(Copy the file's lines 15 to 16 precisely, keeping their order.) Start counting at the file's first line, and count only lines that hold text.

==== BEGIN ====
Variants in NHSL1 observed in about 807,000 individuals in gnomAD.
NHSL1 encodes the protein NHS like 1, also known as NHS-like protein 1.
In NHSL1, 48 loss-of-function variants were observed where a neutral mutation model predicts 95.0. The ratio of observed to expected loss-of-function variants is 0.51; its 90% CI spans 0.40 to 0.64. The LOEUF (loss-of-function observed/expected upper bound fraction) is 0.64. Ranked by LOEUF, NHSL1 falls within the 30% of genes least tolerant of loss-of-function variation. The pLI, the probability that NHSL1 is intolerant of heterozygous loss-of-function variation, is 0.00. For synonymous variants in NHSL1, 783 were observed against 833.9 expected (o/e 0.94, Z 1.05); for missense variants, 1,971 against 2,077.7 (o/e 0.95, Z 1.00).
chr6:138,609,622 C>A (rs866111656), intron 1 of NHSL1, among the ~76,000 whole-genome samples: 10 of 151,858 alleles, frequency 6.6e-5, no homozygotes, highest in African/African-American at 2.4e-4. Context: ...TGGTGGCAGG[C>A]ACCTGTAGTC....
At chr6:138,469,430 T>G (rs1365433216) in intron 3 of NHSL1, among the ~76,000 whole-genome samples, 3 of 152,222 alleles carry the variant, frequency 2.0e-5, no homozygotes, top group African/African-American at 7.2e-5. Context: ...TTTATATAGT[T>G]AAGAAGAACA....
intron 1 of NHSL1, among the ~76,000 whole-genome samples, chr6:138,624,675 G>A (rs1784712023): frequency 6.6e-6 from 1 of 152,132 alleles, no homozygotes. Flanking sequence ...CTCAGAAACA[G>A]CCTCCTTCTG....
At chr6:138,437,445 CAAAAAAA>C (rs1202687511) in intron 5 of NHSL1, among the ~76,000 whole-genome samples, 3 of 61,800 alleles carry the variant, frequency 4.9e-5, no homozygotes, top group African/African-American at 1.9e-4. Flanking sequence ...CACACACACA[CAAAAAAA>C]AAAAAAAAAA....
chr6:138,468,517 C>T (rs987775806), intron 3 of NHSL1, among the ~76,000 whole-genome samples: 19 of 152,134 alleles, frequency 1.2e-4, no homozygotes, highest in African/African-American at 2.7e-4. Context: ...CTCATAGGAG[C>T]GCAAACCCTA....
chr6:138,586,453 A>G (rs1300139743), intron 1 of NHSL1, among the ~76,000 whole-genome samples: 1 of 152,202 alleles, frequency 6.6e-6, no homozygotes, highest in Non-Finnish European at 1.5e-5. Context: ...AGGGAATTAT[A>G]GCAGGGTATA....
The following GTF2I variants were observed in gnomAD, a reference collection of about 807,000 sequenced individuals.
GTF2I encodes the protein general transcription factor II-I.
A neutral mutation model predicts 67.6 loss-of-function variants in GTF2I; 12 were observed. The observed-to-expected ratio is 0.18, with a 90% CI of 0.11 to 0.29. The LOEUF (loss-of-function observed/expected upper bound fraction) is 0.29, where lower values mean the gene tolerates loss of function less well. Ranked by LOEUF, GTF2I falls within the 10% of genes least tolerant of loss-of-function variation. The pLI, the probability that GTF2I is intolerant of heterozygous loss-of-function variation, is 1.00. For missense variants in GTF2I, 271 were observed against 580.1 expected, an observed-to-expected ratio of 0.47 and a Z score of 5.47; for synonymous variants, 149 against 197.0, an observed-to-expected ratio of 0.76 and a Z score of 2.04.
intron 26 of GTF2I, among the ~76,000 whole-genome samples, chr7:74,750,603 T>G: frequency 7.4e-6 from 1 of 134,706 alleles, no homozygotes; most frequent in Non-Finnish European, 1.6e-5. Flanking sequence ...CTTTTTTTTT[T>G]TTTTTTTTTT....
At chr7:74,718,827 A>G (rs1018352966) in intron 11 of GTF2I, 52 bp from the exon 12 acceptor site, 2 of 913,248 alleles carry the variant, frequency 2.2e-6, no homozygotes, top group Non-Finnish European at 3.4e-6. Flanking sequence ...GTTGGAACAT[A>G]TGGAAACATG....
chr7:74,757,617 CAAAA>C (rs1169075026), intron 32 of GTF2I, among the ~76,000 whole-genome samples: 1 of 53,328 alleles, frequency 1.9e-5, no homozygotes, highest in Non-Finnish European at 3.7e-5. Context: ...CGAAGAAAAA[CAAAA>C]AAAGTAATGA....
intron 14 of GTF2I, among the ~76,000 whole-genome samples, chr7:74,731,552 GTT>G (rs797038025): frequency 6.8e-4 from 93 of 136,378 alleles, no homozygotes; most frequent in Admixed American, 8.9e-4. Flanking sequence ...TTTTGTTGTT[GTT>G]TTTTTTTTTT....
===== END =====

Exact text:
chr7:74,757,617 CAAAA>C (rs1169075026), intron 32 of GTF2I, among the ~76,000 whole-genome samples: 1 of 53,328 alleles, frequency 1.9e-5, no homozygotes, highest in Non-Finnish European at 3.7e-5. Context: ...CGAAGAAAAA[CAAAA>C]AAAGTAATGA....
intron 14 of GTF2I, among the ~76,000 whole-genome samples, chr7:74,731,552 GTT>G (rs797038025): frequency 6.8e-4 from 93 of 136,378 alleles, no homozygotes; most frequent in Admixed American, 8.9e-4. Flanking sequence ...TTTTGTTGTT[GTT>G]TTTTTTTTTT....